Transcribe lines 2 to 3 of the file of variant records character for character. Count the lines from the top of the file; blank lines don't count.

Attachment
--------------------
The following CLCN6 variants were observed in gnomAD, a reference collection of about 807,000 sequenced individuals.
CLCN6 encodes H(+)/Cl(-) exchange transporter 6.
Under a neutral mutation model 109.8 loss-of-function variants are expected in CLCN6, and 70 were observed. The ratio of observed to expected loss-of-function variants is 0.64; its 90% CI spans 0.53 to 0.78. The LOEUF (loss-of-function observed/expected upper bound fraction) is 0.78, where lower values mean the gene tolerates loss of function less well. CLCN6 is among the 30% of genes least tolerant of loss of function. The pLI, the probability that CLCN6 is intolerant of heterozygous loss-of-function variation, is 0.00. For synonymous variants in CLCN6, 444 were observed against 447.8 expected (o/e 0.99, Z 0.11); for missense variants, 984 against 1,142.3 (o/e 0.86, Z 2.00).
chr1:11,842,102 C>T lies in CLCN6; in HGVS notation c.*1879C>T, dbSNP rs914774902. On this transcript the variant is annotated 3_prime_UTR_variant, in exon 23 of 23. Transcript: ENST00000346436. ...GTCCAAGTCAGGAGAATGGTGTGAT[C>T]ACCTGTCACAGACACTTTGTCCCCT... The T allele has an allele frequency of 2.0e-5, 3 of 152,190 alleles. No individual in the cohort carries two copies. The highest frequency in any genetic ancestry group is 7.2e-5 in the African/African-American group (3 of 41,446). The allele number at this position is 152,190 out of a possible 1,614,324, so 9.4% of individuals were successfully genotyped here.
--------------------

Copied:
CLCN6 encodes H(+)/Cl(-) exchange transporter 6.
Under a neutral mutation model 109.8 loss-of-function variants are expected in CLCN6, and 70 were observed. The ratio of observed to expected loss-of-function variants is 0.64; its 90% CI spans 0.53 to 0.78. The LOEUF (loss-of-function observed/expected upper bound fraction) is 0.78, where lower values mean the gene tolerates loss of function less well. CLCN6 is among the 30% of genes least tolerant of loss of function. The pLI, the probability that CLCN6 is intolerant of heterozygous loss-of-function variation, is 0.00. For synonymous variants in CLCN6, 444 were observed against 447.8 expected (o/e 0.99, Z 0.11); for missense variants, 984 against 1,142.3 (o/e 0.86, Z 2.00).